UK considers mandatory calorie labelling on restaurant menus

The UK government is considering proposals that would make it mandatory for restaurants, cafes and takeaways to include the calorie information of their dishes on menus.

The strategy, unveiled on Sunday, has been proposed to further the government’s efforts to halve the number of obese children in the UK by 2030, as reported by The Telegraph.

Health secretary Jeremy Hunt told the BBC on Sunday that the government would consider exempting small restaurants from having to list calorie counts, but that “all the big chains that we go to, they must give people that information”.

Alison Tedstone, chief nutritionist at Public Health England (PHE), said: “Having a takeaway or eating out is no longer a treat, it’s a regular part of everyday life, yet too often menus are information free zones.”

New York City has already brought in a similar policy that requires restaurants and stores to state the calories contained in prepared foods.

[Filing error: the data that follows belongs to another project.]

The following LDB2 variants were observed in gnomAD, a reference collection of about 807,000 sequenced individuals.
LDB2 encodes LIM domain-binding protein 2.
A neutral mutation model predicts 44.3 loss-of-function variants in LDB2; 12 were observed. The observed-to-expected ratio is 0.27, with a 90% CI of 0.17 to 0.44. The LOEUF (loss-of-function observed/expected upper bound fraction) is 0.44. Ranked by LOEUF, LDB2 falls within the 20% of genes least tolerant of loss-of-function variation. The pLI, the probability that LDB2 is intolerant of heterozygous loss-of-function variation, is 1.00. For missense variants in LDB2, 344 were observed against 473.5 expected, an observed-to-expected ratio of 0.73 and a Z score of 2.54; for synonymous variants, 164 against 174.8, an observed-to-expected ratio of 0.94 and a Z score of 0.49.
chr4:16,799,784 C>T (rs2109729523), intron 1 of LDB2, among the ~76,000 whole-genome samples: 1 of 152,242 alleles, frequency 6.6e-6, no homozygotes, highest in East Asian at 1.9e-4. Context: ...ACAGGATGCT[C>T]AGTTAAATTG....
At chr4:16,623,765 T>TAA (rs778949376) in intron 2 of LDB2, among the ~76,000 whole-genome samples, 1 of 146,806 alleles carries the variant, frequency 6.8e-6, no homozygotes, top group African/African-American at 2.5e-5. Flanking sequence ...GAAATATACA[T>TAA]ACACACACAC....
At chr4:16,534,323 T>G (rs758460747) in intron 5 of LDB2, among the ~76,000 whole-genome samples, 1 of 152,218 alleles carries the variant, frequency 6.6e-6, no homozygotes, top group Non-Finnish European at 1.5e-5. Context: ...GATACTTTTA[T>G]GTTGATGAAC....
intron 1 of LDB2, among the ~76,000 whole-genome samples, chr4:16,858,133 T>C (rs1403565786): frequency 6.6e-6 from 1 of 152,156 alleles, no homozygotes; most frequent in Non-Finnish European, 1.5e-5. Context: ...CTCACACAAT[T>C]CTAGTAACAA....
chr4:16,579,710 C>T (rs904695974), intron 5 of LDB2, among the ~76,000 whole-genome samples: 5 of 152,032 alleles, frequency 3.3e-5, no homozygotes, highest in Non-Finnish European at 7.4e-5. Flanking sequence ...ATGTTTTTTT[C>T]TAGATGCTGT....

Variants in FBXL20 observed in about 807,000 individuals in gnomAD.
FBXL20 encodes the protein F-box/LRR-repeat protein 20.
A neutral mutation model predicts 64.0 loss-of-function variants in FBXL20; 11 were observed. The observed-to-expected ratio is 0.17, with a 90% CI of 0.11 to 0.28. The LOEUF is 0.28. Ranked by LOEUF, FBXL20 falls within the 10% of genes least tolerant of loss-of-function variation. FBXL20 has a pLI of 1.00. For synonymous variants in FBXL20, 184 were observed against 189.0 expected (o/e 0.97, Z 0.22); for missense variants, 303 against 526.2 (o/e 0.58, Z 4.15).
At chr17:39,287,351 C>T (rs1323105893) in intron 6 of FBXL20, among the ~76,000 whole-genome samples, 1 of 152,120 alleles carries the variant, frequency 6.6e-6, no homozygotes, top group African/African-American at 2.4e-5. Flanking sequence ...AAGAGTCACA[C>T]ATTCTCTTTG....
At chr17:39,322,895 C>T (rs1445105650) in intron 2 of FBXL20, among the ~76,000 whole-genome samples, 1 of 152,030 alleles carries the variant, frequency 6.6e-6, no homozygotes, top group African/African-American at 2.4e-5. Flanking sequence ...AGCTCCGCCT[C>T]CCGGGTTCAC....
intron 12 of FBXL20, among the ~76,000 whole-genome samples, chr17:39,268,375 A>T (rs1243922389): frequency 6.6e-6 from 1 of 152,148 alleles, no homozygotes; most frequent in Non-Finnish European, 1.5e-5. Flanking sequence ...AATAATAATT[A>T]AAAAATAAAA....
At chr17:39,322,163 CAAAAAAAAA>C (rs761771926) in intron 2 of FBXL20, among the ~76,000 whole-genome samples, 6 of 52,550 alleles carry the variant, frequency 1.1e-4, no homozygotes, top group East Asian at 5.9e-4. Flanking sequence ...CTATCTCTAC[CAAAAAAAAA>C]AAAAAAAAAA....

The plans will also see a ban on advertising of unhealthy foods on television before 9pm, while supermarkets will be told to get rid of “guilt lanes” aimed at children, such as chocolate and sweets.

The drinks industry has already made moves to add calorie information to its products. Earlier this year The Scotch Whisky Association backed a joint proposal submitted to Brussels by the drinks trade on calorie labelling, which promises to ensure that nutritional and ingredient information will be available on all beer, wine and spirits sold in the EU by 2022.

It followed a report by the EU Commission last year that invited members of the trade to present a self-regulatory proposal within one year to provide calorie and nutrition labelling on alcoholic beverages, if it wanted to avoid being handed a labelling system.

That decision came after members of the European Parliament backed calls for compulsory calorie labelling on alcoholic drinks in 2015.

The changes will make nutrition labelling mandatory across the board, but within a self-regulatory framework for which the drinks trade will have significant input over, if an agreement can be reached.

The aim is to effectively close a loophole within a previous ruling that came into effect in 2011 which made it mandatory for all foods, including alcoholic beverages, to provide an ingredient and nutrition declaration, but which saw beverages carrying an abv of more than 1.2% exempt.

Many producers, including DiageoTreasury and ABInBev, have already made voluntary arrangements to provide ingredient and nutritional information on a voluntary basis.

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